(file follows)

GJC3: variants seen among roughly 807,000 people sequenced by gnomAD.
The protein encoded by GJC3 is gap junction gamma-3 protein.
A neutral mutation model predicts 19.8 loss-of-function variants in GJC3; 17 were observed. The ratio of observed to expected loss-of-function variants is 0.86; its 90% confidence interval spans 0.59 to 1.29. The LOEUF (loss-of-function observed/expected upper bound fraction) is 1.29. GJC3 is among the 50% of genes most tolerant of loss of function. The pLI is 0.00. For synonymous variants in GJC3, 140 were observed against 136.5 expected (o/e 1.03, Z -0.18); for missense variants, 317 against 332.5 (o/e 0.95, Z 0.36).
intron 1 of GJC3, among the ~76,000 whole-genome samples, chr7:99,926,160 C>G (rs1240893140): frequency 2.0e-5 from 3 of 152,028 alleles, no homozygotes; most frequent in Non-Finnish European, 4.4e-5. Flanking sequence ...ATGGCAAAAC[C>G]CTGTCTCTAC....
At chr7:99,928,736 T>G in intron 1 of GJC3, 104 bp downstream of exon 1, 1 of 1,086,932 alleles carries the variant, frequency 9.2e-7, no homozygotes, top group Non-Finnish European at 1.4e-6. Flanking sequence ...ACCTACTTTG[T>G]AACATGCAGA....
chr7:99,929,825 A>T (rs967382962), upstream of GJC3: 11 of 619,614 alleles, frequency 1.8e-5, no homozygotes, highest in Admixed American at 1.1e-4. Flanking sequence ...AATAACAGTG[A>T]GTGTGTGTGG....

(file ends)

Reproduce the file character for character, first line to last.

GJC3: variants seen among roughly 807,000 people sequenced by gnomAD.
The protein encoded by GJC3 is gap junction gamma-3 protein.
A neutral mutation model predicts 19.8 loss-of-function variants in GJC3; 17 were observed. The ratio of observed to expected loss-of-function variants is 0.86; its 90% confidence interval spans 0.59 to 1.29. The LOEUF (loss-of-function observed/expected upper bound fraction) is 1.29. GJC3 is among the 50% of genes most tolerant of loss of function. The pLI is 0.00. For synonymous variants in GJC3, 140 were observed against 136.5 expected (o/e 1.03, Z -0.18); for missense variants, 317 against 332.5 (o/e 0.95, Z 0.36).
intron 1 of GJC3, among the ~76,000 whole-genome samples, chr7:99,926,160 C>G (rs1240893140): frequency 2.0e-5 from 3 of 152,028 alleles, no homozygotes; most frequent in Non-Finnish European, 4.4e-5. Flanking sequence ...ATGGCAAAAC[C>G]CTGTCTCTAC....
At chr7:99,928,736 T>G in intron 1 of GJC3, 104 bp downstream of exon 1, 1 of 1,086,932 alleles carries the variant, frequency 9.2e-7, no homozygotes, top group Non-Finnish European at 1.4e-6. Flanking sequence ...ACCTACTTTG[T>G]AACATGCAGA....
chr7:99,929,825 A>T (rs967382962), upstream of GJC3: 11 of 619,614 alleles, frequency 1.8e-5, no homozygotes, highest in Admixed American at 1.1e-4. Flanking sequence ...AATAACAGTG[A>T]GTGTGTGTGG....